Jeep Compass 2017 – A New Heading

THE ALL-NEW 2017 Jeep Compass just squeezes into the 15.4-inch gap between Jeep’s wee Renegade and its mid-size Cherokee. Built on the same “small-wide 4×4 architecture” that underpins the bugeyed Renegade, the Compass’s wheelbase grows 2.6 inches, the new ute casting a shadow 6.4 inches longer than its smaller sibling.

The additional space between the Compass’s axles affords a decidedly refined ride and, when whipped, the little Jeep doesn’t embarrass itself dynamically. Over the pockmarked and twisting back roads just outside Hollister, California, the Compass felt secure and composed as a result of its limited body roll and appropriately weighted, if aloof, steering. While brake dive was minimal, the brake pedal proved touchy. This ute is, however, quieter and better finished inside than its box-shaped little brother, and it drives smaller than the Cherokee because, well, it is.


Upping the wheelbase and increasing the length give the Compass both a roomier back seat and a larger cargo hold than the Renegade’s. With 38.3 inches of legroom, and up to 60 cubic feet of cargo capacity with the split rear seatback folded, the Compass delivers 3.2 additional inches of leg-stretching space and 9 more cubic feet of storage room relative to the Renegade.

Available in Sport, Latitude, Trailhawk, and Limited trims, all Compasses are motivated by a 2.4-liter inline-four with 180 horsepower and 175 pound-feet of torque. A six-speed manual is standard on Sport and all-wheel-drive Latitude models, and two automatic transmissions are available: a six-speed on frontdrive Compasses and a nine-speed on all-wheel-drive models, the latter of which Jeep supplied for our drive. Thanks to the engine’s weak top end and the transmission’s hesitancy to downshift the Compass won’t rupture any spleens during a freeway pass, but the powertrain is a fine enough companion at lower paces. Relatively short lower gears in the available nine-speed automatic redeem the tweener SUV around town, while the Trailhawk’s 20.4:1 overall first-gear ratio, knobby Falken WildPeak H/T tires, and offroad–tuned stability control enabled surprising off-road ability.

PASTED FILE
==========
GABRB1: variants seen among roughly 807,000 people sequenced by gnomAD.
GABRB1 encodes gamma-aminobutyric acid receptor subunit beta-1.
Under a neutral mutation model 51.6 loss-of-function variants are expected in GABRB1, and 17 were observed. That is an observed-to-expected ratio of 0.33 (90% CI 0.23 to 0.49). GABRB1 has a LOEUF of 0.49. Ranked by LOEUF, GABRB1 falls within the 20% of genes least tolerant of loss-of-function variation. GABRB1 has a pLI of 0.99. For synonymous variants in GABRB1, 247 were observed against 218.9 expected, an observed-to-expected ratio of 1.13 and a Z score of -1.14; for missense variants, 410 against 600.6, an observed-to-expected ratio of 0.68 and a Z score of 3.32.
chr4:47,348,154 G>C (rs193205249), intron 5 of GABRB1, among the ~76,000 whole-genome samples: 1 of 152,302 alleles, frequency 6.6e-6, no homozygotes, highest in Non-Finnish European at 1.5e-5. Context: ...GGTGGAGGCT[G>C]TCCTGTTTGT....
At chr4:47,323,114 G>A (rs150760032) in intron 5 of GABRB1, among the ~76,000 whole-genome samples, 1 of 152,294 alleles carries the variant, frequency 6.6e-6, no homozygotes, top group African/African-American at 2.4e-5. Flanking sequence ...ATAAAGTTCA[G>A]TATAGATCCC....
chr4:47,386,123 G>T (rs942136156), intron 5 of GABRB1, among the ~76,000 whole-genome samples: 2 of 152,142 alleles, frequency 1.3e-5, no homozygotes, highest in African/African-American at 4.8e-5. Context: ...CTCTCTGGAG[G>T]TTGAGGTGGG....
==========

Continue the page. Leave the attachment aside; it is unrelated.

With a usable 8.5 inches of ground clearance (0.3 inch more than other all-wheeldrive Compass trims), the Trailhawk wears more-rugged bodywork that furnishes an impressive 30-degree approach angle, a 24-degree breakover angle, and a 34-degree departure angle. Skid plates and two tow hooks protruding from the front bumper— mean this Jeep is still a Jeep.


Ultimately, the new Compass is little more than a Renegade that’s spent time at finishing school. Still, its attractive looks, comfortable accommodations, and refined on-road manners arguably make it the pick of Jeep’s small-crossover-SUV litter.



VEHICLE TYPE: frontengine, front- or allwheel-drive, 5-passenger, 4-door hatchback
BASE PRICE: $21,000– $23,000 (est)
ENGINE TYPE: SOHC 16-valve inline-4, aluminum block and head, port fuel injection
DISPLACEMENT: 144 cu in, 2360 cc
POWER: 180 hp @ 6400 rpm
TORQUE: 175 lb-ft @ 3900 rpm
TRANSMISSIONS: 6-speed manual, 6-speed automatic with manual shifting mode, 9-speed automatic with manual shifting mode


WHEELBASE: 103.8 in
LENGTH: 173.0 in
WIDTH: 73.8 in
HEIGHT: 64.6 in
CARGO VOLUME: 27 cu ft
CURB WEIGHT: 3200–3650 lb
ZERO TO 100 MPH: 30.0–30.5 sec 1/4-MILE: 17.1–17.5 sec
TOP SPEED: 110 mph
FUEL ECONOMY EPA COMBINED/CITY/ HWY: 22–25/20–23/ 25–30 mpg

Leave a Reply

Your email address will not be published. Required fields are marked *